Your doctor will ask questions about your personal and family medical history. He or she may ask:

  • Have you had more than one kidney stone before?
  • Has anyone in your family had stones?
  • Do you have a medical condition that may increase your chance of having stones, like frequent diarrhea, gout or diabetes?

Knowing your eating habits is also helpful.You may be eating foods that are known to raise the risk of stone.You may also be eating too few foods that protect against stones or not drinking enough fluids. Understanding your medical, family and dietary history helps your doctor find out how likely you are to form more stones.


After taking a complete history and doing a physical exam, your doctor may take blood and urine samples for testing.Blood tests can help find if a medical problem is causing your stones.Your urine can be tested to see if you have a urinary tract infection or crystals that are typical of different stone types.If you are at high risk for getting stones in the future, a 24-hour urine collection can be done.This test will reveal the levels of different stone-forming substances in your urine.The results of this test can help your doctor recommend specific diets and medications to prevent future stones.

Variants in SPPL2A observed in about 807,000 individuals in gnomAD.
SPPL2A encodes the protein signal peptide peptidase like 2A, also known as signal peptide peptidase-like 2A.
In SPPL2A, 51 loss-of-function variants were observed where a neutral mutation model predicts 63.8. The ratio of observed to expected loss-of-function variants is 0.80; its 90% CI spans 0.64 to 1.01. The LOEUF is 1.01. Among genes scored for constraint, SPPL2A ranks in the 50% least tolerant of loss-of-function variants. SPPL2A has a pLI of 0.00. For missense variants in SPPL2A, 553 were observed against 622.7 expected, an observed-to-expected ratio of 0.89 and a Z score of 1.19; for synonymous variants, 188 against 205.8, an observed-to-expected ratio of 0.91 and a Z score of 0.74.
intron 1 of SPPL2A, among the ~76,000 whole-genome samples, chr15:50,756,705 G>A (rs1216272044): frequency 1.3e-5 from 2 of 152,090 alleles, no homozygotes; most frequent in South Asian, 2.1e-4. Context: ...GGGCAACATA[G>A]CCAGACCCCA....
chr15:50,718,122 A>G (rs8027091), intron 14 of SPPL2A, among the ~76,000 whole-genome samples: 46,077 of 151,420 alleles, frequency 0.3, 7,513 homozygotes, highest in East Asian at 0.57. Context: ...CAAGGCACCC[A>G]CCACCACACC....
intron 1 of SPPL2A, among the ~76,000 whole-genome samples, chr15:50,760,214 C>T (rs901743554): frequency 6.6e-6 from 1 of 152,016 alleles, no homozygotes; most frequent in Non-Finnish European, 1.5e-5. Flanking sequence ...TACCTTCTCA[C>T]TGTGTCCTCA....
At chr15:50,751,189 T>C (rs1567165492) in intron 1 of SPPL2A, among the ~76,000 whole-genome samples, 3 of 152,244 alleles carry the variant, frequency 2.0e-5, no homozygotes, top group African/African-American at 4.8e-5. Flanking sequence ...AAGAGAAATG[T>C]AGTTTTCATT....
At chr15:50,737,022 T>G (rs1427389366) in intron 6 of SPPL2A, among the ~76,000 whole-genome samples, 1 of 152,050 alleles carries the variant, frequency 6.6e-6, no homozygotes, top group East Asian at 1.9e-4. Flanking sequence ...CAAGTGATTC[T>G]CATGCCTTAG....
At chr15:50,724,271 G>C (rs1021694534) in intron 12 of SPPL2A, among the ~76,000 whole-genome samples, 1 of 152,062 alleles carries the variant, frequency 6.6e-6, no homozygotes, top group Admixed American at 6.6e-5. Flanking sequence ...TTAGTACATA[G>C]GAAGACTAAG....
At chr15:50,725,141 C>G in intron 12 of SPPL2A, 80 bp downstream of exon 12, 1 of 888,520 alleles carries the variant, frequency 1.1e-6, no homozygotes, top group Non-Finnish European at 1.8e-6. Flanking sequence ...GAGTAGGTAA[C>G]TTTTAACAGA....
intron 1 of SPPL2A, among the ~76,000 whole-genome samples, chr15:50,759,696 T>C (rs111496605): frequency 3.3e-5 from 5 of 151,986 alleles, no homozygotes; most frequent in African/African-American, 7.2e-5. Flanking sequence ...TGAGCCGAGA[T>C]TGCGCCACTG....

When a doctor sees you for the first time and you have had stones before, he or she may want to see recent X-rays or order a new X-ray.They will do this to see if there are any stones in your urinary tract.Imaging tests may be repeated over time to check for stone growth.You may also need this test if you are having pain, hematuria (blood in your urine) or recurrent infections.


If you pass a stone or a stone is removed by surgery, your doctor will want to test it.Testing the stone will determine what type of stone it is.This information helps your doctor decide the best way to prevent future stones.

How do I Stop Getting Kidney Stones?

Once your doctor finds out why you are forming stones, he or she will give you tips on how to prevent them. This may include changing your diet and taking certain medications. There is no “one-size-fits-all” diet for preventing kidney stones. Everyone is different. Your diet may not be causing your stones to form. But there are dietary changes that you can make to stop stones from continuing to form.

Diet Tips To Prevent Stones

Drink enough fluids each day.